Bluefield Daily Telegraph, Bluefield, WV


August 27, 2008

Poverty report — Appalachian statistics are still appalling

The report of an increase in Appalachian residents living in poverty last year should come as no great surprise. But that does not make the news that 114,000 more individuals in the region have now reached this economic low any easier to accept.

Appalachia is now home to 13.3 million people living in poverty, according to U.S. Census Bureau figures released Tuesday.

Along with West Virginia and Virginia, the Appalachian region also includes parts of Alabama, Georgia, Kentucky, Maryland, Mississippi, New York, North Carolina, Ohio, Pennsylvania, South Carolina and Tennessee.

Eternal optimists can find good news in the report. The number of people in the region who did not have health insurance last year fell to 13.6 million from 13.7 million from the year before, and median incomes were up in all the Appalachian states, where the median income ranged from a little over $36,000 in Mississippi to $68,080 in Maryland.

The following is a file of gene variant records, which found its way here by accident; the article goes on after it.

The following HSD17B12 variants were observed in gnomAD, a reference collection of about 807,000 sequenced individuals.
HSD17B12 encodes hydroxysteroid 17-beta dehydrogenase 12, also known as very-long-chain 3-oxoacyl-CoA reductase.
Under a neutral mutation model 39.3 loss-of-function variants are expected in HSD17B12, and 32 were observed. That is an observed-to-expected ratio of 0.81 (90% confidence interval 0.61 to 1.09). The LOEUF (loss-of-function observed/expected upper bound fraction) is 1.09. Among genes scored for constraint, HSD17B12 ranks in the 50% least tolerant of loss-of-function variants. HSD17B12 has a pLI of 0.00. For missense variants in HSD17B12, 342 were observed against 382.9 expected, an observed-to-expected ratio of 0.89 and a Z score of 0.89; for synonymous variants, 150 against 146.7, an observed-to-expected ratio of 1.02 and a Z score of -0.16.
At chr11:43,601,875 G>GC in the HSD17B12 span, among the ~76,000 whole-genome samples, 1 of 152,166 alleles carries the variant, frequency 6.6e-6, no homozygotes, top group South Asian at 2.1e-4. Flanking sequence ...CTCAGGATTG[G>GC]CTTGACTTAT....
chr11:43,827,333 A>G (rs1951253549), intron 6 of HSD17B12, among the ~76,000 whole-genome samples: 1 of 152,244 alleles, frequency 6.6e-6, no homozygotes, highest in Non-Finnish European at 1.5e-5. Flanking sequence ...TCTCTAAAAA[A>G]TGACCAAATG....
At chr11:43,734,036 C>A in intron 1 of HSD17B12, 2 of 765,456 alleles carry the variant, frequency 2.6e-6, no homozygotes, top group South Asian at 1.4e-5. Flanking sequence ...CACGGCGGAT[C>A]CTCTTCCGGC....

Of course, other than Maryland, Virginia and New York, these incomes are significantly lower than the national median of $50,233.

In West Virginia and Virginia, it was difficult to find any uplifting news in the report.

West Virginia’s poverty rate did improve to 16.9 percent from 17.3 percent the year before, but it still tied with Alabama for the sixth highest poverty rate in the country, according to an Associated Press story on the report.

Also, while the Mountain State’s median income of $37,060 is almost $1,000 more than the year before, it’s still the second lowest median household income in the country. Mississippi had the lowest median income at $36,338 — a little less than $700 than West Virginia.

But although we’re the second poorest state in the country, Ted Boettner, executive director of the West Virginia Center on Budget & Policy, said the numbers were generally good for the state. “Poverty’s down, incomes are up and health coverage is basically stagnant, except for children, where we’ve seen dramatic decreases,” he said.

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